Why are hedgehogs in decline?

There is not one reason for the decline in hedgehog numbers, it is likely to be a combination of several factors which together make life more difficult for them.

We hope that Hogwatch will shed a bit more light on the reasons for the decline in hedgehogs in our area, and that we will be able to work with residents, the council and landowners to improve habitats for hedgehogs. Reporting your sightings will help with this.

Factors causing loss or decline

Environmental changes are likely to be the cause of the drop in hedgehog numbers – the loss of habitat and fragmentation of habitat.

More intensive agriculture – with larger fields and the loss of hedgerows and permanent grassland – has played a major role.

There are far fewer hedges, woodlands and wild areas than there used to be.

The use of pesticides reduces the amount of prey available. Slug pellets and weedkillers can harm hedgehogs directly.

Gardens, parks and school grounds have become too tidy and smaller, paved over for parking, or enclosed with impenetrable fences and walls.

New buildings and roads carve up suitable habitat, so that small populations can become isolated and more vulnerable to local extinction. Hedgehog road deaths might also be a cause of decline locally.

Badgers are a natural predator of hedgehogs and hedgehogs actively avoid sites where there are badgers in high numbers. When there is sufficient cover and good foraging opportunities, badgers and hedgehogs can coexist, but when there is no safe refuge and the prey that the two species compete for is scarce, hedgehogs may lose out.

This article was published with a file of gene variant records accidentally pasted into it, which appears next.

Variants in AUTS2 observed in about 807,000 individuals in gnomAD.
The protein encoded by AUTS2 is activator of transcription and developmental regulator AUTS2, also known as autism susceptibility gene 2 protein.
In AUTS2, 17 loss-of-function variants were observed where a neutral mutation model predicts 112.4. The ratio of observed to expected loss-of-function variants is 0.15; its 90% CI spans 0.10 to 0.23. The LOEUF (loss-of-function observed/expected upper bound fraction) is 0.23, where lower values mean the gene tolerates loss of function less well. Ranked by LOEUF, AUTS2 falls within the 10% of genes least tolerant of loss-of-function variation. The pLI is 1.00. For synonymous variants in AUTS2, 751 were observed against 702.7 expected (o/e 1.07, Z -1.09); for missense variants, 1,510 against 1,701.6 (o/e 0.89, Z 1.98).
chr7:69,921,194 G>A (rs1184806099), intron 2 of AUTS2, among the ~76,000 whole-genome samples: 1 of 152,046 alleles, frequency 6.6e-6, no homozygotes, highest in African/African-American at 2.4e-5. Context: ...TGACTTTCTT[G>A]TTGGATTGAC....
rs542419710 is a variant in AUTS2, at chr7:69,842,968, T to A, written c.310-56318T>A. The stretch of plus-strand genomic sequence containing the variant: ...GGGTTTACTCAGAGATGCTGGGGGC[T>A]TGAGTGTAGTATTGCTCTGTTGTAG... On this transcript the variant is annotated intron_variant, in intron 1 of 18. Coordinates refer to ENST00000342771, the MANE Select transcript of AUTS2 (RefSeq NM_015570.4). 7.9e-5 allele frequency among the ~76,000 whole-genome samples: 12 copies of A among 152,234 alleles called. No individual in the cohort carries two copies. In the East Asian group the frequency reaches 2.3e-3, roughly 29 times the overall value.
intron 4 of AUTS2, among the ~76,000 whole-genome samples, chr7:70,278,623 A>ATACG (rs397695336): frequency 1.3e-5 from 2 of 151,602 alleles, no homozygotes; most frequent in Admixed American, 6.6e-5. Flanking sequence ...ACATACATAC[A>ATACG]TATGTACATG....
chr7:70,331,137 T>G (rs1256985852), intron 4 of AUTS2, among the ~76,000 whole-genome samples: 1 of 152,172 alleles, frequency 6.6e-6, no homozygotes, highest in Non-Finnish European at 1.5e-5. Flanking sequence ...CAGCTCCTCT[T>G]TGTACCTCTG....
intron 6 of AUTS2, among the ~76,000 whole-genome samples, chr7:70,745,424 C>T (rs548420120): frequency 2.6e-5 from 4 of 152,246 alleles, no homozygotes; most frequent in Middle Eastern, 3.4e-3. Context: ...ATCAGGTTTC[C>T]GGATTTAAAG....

Also, the climate is changing and the weather is less predictable. This can disrupt natural hibernation times, the availability of food and the chance of youngsters surviving the winter.

The decline in numbers

In the early part of the last century, hedgehogs were abundant throughout Britain, with an estimated population of perhaps 30 million in the 1950s. By 1995, the population was estimated to be only about 1.1 million in England.

Hedgehog numbers have also been falling since the 1990s, with consistent declines in yearly numbers recorded since 2001.

The State of Britain’s Hedgehogs, 2011, confirmed hedgehog numbers declining from records between 2001 and 2009.

Mammals on Roads counts in 2010 and 2011 were the lowest for any year since the first survey in 2001.

At least a quarter of the population has been lost in the last ten years.